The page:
Waxing Profound

Estella Shardlow 13 October 2007

Rebecca Barnard

Cambridge Contemporary Art

October 5-28

The natural landscape is a decorative and emotive vessel for artist Rebecca Barnard, whose sensitively observed and optimistic paintings celebrate the variety and transitory nature of our surrounding scenery. Perhaps this in part evolved as a result of her rural upbringing (both her parents were farmers) and extensive travels around Europe and Australia. Yet the specific locations themselves are not the artist’s foremost concern; rather it is the practice of internalising and translating them into an image, the subjective and creative process that she terms a “highly stimulating voyage of discovery”. Thus, certain aspects of the scenery are often exaggerated and worked up for their expressive potential. For example, in Sheep, Moorland II the horizon is raised so one hillside looms large and its tangible surface of mottled turquoise and orange impasto dominates the composition.

Such scenes recall the Romantic artist Samuel Palmer’s pastoral visions, whilst the influence of Impressionism runs through Barnard’s paintings, in the observation of changing light and seasonal effects. For instance, take the vibrant orange canopies of the Beeches, the pallid snow-covered vistas in Sheep, winter or the intense summer heat conveyed in Bales, Cornwall and Windbreaks. Barnard also joins them in seeking out striking decorative motifs in nature: a fence curling down the hillside or striped silhouette of lines of trees and their reflections. Shadows are a recurrent feature in her compositions, and they are treated as striking natural organic patterns, as colourful and animated as the other surfaces.

The technique Barnard employs, wax encaustic, involves melting wax paste, then mixing with white spirit and oil paint before applying to the canvas with a palette knife. This versatile medium complements the atmospheric nature of her compositions as it may be scratched and scored to evoke the movement and surfaces of water or foliage, or layered thinly to suggest weak sunlight.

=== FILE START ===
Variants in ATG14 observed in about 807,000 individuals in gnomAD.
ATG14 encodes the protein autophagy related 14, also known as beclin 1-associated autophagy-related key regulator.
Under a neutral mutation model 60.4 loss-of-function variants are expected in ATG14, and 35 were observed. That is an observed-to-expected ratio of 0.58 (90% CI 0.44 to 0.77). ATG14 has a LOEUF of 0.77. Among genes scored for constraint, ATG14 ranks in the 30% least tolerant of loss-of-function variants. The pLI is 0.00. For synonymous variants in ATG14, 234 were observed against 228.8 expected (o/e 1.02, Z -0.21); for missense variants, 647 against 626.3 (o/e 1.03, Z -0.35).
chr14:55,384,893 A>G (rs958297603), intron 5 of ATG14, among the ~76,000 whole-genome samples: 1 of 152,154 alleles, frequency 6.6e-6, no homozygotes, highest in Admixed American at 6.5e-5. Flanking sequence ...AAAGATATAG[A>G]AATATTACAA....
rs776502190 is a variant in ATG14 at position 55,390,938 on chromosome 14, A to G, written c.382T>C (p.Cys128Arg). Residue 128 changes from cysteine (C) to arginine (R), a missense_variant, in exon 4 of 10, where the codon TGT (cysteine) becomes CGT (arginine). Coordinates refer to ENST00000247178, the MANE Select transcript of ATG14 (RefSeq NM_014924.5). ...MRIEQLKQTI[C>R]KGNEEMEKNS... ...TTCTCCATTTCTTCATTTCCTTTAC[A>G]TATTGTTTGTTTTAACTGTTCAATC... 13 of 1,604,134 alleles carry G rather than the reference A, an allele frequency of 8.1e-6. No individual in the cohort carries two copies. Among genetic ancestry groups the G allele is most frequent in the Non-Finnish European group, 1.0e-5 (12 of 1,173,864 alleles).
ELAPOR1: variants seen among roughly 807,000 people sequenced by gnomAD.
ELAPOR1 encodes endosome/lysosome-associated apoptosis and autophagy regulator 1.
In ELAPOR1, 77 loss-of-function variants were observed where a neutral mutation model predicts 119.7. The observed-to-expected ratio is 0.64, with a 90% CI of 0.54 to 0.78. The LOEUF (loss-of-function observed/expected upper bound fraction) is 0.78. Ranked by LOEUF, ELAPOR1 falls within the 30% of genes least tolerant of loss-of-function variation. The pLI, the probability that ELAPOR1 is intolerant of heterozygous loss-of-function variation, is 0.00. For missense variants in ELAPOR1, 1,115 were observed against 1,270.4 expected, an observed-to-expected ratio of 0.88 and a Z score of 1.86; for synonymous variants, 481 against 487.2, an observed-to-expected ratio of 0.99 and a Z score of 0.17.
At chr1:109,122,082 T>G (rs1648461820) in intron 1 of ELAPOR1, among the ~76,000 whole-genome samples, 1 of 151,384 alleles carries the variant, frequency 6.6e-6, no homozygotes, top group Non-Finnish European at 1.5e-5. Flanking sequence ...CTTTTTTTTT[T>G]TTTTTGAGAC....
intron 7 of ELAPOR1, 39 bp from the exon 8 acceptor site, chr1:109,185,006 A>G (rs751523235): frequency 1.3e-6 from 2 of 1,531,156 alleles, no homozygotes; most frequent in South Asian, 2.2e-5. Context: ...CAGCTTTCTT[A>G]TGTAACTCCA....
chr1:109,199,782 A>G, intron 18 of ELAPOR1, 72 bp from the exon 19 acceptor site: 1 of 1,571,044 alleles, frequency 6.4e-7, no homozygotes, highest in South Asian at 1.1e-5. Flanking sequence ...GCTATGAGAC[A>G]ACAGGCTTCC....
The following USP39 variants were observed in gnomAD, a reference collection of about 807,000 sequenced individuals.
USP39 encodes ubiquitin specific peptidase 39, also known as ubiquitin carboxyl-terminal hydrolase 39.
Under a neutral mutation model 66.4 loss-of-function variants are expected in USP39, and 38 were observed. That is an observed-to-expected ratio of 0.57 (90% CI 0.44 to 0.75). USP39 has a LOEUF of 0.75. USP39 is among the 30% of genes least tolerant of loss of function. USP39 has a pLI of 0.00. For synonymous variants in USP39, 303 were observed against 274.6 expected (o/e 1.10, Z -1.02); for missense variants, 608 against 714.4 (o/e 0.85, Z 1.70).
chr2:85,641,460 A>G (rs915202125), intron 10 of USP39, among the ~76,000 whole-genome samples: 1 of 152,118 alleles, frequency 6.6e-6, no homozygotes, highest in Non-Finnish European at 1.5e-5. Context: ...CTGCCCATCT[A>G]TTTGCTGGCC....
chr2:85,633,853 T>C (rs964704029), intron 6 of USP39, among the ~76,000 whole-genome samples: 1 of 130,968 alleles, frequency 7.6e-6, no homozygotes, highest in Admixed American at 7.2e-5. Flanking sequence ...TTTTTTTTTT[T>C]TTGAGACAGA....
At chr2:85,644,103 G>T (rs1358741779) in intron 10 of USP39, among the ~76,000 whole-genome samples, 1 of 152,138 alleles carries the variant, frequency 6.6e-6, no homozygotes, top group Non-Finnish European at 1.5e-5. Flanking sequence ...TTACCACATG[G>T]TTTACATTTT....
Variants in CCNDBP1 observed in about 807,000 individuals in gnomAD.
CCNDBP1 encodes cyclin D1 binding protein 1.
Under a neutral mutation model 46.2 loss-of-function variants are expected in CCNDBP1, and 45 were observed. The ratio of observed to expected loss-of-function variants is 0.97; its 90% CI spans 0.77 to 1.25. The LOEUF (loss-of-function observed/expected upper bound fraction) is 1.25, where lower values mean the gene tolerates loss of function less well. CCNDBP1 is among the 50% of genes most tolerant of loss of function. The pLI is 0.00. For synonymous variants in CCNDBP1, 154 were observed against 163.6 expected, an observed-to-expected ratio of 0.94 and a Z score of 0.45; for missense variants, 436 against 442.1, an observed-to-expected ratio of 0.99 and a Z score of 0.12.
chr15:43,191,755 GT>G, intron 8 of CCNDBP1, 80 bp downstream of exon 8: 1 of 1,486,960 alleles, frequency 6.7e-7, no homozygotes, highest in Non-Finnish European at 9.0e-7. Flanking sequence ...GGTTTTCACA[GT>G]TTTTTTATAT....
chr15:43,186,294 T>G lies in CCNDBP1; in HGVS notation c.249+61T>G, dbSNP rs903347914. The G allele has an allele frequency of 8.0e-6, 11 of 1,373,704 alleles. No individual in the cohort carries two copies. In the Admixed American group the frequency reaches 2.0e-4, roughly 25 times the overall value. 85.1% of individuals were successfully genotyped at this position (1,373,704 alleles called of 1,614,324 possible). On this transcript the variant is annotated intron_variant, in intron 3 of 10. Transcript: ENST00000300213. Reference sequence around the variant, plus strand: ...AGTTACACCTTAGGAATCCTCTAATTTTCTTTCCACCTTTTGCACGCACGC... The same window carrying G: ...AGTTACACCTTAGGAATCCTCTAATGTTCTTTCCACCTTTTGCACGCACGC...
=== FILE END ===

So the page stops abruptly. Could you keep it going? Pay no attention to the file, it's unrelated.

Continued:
Barnard has been commissioned by several corporate clients, and it is clear that the decorative aesthetic and inoffensive, traditional subject matter of her work lends itself to commercial or domestic display. No wonder then that it is being showcased in Cambridge Contemporary Art, a gallery endorsing the nationwide Own Art scheme. This project allows you to borrow between £100 and £2000 to purchase a work of art, which you then repay in interest-free instalments over ten months, with the aim of putting “the arts at the heart of national life” and to “encourage people to live with the art they love”, according to the British Arts Council. Meanwhile, the friendly and unobtrusive approach of the gallery staff breaks from the stereotypical view of such places as stuffy, elitist venues and is instead somewhere anyone can walk into off the street and engage with its creative offerings.

So, as you make your way down Trinity Street, a brief deviation into Cambridge Contemporary Arts is definitely worthwhile. Here you will find a number of windows onto a countryside of brilliant colour and affecting mood–welcome visions outside of the bubble on a drab Michaelmas day.

Estella Shardlow